Suicide Hotline Collected, Monetized The Data Of Desperate People, Because Of Course It Did

Crisis Text Line, one of the nation’s largest nonprofit support options for the suicidal, is in some hot water. A Politico report last week highlighted how the company has been caught collecting and monetizing the data of callers… to create and market customer service software. More specifically, Crisis Text Line says it “anonymizes” some user and interaction data (ranging from the frequency certain words are used, to the type of distress users are experiencing) and sells it to a for-profit partner named Loris.ai. Crisis Text Line has a minority stake in Loris.ai, and gets a cut of their revenues in exchange.

As we’ve seen in countless privacy scandals before this one, the idea that this data is “anonymized” is once again held up as some kind of get out of jail free card:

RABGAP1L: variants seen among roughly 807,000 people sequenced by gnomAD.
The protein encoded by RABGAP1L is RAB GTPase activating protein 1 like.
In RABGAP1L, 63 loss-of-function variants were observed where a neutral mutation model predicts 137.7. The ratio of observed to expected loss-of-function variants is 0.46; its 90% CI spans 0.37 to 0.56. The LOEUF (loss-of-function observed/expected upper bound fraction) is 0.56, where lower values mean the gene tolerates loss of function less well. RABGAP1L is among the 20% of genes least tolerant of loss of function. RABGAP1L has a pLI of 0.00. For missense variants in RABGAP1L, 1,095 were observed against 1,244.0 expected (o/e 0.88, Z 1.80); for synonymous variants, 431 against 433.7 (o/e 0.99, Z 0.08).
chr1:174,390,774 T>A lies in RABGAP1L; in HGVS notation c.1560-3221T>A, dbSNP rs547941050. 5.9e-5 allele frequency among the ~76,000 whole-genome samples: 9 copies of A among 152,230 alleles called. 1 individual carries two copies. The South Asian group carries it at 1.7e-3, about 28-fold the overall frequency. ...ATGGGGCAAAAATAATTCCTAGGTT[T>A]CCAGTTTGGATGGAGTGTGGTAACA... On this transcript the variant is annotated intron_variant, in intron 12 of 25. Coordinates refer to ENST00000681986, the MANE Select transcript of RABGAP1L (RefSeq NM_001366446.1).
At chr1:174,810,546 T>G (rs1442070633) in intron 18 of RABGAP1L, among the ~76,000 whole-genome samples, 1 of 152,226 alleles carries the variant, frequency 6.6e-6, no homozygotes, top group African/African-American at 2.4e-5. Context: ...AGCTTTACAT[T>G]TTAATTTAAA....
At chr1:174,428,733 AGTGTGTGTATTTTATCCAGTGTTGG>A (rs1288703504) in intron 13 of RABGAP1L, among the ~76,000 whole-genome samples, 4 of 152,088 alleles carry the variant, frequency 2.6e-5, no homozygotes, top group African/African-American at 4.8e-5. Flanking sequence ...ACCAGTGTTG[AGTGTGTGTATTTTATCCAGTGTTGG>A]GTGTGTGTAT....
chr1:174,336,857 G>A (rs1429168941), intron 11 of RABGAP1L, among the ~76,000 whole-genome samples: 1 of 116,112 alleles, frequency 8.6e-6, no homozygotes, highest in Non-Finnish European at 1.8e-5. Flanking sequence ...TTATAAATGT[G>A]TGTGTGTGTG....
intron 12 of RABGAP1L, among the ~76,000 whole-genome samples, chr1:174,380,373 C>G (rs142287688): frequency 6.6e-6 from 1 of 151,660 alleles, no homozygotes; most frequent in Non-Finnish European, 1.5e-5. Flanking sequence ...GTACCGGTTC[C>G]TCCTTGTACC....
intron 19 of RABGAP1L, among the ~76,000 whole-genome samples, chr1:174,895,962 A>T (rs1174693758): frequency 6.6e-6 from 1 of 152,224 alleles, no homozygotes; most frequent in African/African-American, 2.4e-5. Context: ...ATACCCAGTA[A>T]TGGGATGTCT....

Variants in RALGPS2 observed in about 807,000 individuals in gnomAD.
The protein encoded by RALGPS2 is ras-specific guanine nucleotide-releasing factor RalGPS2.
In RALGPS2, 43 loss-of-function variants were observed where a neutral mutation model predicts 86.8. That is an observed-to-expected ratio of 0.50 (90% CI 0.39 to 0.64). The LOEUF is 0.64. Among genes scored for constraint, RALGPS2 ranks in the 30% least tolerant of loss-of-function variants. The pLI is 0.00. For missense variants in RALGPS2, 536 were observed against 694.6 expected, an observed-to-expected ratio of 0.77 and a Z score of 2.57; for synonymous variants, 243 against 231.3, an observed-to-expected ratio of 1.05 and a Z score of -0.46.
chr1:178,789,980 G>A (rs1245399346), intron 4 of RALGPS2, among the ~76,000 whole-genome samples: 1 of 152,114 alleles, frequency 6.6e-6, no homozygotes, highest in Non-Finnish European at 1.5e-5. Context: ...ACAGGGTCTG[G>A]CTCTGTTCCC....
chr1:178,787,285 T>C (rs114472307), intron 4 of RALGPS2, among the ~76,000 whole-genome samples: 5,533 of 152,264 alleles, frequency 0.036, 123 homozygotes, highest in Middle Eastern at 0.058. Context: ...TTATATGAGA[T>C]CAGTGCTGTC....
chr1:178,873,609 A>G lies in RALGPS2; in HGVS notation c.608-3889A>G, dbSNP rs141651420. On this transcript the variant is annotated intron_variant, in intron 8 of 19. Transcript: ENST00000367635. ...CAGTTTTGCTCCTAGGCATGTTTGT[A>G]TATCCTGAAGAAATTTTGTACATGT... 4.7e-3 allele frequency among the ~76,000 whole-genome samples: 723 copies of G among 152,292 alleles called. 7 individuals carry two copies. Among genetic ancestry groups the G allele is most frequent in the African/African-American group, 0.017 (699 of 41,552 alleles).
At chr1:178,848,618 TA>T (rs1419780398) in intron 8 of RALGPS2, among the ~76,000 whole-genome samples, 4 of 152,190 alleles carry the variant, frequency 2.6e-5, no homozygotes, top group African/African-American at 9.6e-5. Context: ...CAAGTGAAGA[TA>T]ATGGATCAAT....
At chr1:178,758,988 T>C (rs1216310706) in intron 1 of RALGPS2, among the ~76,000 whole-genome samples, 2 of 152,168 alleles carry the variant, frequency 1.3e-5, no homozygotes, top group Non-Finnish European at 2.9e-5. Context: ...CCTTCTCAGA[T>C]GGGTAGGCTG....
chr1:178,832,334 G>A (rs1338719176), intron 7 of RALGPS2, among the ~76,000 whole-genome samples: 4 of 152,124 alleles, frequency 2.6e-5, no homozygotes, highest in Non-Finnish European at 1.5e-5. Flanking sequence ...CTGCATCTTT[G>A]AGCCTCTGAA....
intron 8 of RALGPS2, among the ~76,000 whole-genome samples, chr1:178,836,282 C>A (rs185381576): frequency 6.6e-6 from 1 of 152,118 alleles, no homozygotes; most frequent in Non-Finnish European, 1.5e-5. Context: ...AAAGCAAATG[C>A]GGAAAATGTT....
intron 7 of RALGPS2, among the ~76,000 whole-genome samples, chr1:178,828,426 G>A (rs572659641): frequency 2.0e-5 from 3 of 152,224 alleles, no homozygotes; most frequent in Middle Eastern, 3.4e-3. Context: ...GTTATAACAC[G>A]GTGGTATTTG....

“Crisis Text Line says any data it shares with that company, Loris.ai, has been wholly “anonymized,” stripped of any details that could be used to identify people who contacted the helpline in distress. Both entities say their goal is to improve the world — in Loris’ case, by making “customer support more human, empathetic, and scalable.”

But as we’ve noted more times than I can count, “anonymized” is effectively a meaningless term in the privacy realm. Study after study after study has shown that it’s relatively trivial to identify a user’s “anonymized” footprint when that data is combined with a variety of other datasets. For a long time the press couldn’t be bothered to point this out, something that’s thankfully starting to change.

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Source: Suicide Hotline Collected, Monetized The Data Of Desperate People, Because Of Course It Did | Techdirt

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